Another fabulous couture day out here in the wilds of Baltimore! I'm really slumming it here at the Crowne Plaza surrounded by fabulous fabrics and gorgeous dresses. Don't worry about me too much, I did remember the bubble bath.
Yesterday I got my coat underlinings all cut out (muslin for my coat bodice, silk organza for the sleeves and skirt). So today I could jump right into fabric cutting. Here's my underlining laid out on my wool.
I think one of my biggest lightbulb moments so far was finally understanding the importance of the seamline (as opposed to seam allowance) in couture sewing. The seamline is all that matters, and the seam allowance doesn't actually need to be even! You start with a muslin on which you mark the seam line with wax tracing paper, and then cut around the piece, giving yourself an approximate 1" seam allowance. When you baste the seams together, you match the seamlines, making sure that they're pinned precisely on each side.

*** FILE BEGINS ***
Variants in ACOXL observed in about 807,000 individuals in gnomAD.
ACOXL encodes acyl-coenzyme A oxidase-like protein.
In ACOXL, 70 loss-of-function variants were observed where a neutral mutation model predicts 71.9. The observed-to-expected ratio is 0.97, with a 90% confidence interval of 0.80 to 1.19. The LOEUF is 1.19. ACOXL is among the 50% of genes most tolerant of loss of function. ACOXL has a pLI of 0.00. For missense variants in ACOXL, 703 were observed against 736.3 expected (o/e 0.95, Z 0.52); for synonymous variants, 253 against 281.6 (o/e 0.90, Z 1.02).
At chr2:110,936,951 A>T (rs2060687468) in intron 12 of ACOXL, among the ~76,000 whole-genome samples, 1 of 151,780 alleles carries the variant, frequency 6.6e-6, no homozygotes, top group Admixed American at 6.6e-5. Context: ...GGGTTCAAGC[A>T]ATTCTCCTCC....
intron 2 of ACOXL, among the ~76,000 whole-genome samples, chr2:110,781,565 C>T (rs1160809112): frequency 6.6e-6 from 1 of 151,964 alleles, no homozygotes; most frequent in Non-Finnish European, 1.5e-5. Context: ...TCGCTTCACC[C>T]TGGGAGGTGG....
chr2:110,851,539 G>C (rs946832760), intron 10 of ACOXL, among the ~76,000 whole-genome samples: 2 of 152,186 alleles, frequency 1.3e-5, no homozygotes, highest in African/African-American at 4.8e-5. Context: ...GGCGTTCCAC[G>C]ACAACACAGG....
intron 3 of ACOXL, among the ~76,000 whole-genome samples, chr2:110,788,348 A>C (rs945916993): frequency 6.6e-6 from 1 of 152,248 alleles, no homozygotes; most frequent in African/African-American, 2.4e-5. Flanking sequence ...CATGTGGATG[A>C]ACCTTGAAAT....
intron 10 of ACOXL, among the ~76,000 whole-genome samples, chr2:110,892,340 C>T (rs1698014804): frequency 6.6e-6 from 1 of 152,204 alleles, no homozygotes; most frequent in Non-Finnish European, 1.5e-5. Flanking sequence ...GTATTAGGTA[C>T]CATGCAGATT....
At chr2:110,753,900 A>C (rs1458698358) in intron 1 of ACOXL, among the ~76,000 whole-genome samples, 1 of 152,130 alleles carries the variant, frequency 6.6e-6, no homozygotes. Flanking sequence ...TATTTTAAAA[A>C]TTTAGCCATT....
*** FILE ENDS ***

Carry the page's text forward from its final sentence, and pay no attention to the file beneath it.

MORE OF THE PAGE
The process is repeated when you transfer your markings to your underlinings. Check out this piece, for instance. The waistline got adjusted during my fitting, but there's no need to fuss around with the seam allowance. See how there's less of a seam allowance on the left than the right? Look at the purple arrows.
I'm trying to make a point of watching others work on their projects as well. Three ladies are making strapless dresses, which I've been following eagerly. Here's a pic from a demo of making boning channels in an inner corselette.
More to come, friends.